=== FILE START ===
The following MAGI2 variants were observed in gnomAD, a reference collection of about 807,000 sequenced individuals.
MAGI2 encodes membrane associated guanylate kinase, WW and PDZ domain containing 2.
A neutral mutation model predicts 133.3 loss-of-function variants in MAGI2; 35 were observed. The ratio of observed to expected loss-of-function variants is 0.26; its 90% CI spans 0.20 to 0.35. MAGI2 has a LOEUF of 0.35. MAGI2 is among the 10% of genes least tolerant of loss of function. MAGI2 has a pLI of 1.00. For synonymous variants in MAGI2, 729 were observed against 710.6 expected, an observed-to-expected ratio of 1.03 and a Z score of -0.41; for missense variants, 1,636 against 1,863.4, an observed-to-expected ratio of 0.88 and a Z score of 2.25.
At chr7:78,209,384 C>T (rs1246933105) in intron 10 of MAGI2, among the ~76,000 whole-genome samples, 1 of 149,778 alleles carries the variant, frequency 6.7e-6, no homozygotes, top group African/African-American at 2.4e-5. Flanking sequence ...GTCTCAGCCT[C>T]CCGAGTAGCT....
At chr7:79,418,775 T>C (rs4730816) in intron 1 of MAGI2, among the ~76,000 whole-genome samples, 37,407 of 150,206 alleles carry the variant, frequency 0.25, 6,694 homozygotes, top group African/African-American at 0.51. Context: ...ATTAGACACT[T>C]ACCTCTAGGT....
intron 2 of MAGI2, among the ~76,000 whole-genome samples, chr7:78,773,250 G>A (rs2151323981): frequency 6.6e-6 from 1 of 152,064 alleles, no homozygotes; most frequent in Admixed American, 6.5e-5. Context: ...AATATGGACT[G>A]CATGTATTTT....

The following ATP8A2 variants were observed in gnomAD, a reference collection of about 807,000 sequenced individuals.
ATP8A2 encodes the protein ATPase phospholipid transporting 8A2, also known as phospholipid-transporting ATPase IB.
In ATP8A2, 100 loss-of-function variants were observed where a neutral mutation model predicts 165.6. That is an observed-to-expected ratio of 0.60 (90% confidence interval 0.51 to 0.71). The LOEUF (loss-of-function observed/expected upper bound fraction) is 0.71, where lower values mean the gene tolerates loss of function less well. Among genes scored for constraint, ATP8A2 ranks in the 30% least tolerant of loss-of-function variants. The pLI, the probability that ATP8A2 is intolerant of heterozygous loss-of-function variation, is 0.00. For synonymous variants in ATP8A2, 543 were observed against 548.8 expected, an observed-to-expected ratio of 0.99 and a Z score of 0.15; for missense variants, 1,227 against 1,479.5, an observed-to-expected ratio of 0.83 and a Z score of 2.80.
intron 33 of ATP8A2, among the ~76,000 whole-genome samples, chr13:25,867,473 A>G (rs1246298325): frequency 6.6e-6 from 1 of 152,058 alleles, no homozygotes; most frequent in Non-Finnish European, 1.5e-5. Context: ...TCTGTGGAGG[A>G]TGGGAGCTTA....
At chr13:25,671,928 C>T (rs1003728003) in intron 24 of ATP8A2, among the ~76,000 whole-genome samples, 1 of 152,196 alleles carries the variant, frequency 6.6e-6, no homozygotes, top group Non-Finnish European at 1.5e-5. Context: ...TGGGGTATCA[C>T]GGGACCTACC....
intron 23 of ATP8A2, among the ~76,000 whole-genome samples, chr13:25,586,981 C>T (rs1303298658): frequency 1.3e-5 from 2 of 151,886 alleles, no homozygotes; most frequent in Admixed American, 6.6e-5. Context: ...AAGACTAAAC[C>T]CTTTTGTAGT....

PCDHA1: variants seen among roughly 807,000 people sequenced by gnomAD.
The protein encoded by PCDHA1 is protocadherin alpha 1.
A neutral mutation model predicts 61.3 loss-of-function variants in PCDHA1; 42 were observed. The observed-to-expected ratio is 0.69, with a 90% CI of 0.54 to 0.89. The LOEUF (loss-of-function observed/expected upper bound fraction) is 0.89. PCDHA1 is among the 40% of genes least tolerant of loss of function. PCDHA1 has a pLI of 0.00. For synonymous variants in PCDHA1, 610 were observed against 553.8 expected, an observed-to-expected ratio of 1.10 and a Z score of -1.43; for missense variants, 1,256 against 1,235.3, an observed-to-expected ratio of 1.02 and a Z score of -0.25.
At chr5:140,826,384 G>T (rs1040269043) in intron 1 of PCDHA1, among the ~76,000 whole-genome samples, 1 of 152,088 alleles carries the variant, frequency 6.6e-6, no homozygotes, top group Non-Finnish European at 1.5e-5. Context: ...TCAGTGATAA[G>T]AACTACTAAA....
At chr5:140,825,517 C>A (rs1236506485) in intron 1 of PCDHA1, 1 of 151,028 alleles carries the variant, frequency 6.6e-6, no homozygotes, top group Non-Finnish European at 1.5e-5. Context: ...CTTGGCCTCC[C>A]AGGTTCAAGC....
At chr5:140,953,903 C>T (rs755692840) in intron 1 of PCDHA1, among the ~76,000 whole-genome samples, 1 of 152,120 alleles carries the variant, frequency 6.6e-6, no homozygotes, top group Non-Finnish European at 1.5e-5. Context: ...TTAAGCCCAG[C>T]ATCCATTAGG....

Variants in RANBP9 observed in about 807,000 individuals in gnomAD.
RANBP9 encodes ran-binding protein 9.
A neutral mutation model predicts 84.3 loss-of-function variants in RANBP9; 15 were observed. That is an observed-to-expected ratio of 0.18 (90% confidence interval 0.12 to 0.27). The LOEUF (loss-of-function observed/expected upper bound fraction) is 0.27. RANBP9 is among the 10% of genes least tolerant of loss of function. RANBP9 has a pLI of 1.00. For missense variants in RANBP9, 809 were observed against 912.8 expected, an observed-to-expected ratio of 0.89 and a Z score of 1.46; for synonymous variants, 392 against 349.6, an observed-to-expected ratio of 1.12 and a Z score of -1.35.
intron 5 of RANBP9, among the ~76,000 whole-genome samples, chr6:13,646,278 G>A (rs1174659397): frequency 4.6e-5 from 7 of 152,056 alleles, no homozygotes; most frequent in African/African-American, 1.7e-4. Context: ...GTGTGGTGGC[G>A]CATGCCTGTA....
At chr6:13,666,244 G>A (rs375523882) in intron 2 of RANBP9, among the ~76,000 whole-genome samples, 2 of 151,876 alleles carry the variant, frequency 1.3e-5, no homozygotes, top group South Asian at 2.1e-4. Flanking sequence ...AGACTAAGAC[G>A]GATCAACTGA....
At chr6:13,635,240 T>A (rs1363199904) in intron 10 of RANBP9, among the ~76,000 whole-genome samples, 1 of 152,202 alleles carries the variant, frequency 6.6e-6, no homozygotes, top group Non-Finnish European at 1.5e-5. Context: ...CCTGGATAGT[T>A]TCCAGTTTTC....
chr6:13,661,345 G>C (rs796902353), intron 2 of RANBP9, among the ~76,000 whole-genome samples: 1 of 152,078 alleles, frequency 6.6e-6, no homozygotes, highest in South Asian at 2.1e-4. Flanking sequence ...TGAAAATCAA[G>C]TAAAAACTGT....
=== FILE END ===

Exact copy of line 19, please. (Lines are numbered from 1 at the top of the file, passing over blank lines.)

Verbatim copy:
Variants in RANBP9 observed in about 807,000 individuals in gnomAD.